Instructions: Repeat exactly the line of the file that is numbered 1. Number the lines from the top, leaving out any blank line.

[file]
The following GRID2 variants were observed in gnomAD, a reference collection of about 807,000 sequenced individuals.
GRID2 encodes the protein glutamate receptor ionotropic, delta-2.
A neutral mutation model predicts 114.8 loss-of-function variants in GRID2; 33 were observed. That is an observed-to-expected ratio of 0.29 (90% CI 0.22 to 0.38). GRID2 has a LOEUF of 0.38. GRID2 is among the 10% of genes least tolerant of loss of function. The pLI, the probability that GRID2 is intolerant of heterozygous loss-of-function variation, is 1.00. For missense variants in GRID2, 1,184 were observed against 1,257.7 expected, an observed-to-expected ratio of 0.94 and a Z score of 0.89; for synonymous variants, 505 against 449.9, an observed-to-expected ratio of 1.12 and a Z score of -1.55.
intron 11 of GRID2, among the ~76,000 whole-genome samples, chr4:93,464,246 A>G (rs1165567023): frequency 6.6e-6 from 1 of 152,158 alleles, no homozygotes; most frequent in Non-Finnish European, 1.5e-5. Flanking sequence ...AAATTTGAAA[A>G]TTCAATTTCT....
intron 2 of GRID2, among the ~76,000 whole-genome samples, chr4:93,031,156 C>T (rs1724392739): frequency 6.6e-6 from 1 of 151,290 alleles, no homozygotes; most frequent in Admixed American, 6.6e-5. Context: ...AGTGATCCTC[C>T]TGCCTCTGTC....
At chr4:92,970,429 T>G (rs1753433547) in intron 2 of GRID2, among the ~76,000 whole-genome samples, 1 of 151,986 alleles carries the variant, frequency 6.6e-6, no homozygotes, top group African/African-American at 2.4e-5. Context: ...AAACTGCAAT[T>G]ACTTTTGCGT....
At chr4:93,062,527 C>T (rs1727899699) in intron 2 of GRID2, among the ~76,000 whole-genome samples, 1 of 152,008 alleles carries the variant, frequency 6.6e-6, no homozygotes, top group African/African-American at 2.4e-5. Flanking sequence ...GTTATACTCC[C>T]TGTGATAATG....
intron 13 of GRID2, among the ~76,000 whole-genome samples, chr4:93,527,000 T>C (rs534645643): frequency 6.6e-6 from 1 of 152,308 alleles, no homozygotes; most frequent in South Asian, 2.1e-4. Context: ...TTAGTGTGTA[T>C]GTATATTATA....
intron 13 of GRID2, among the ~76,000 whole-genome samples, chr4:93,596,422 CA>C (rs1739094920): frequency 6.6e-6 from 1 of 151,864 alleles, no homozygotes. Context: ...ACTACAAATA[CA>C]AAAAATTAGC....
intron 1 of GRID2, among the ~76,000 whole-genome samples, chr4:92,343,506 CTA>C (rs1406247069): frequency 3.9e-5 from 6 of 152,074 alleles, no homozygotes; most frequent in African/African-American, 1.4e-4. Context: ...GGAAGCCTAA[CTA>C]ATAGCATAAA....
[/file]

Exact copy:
The following GRID2 variants were observed in gnomAD, a reference collection of about 807,000 sequenced individuals.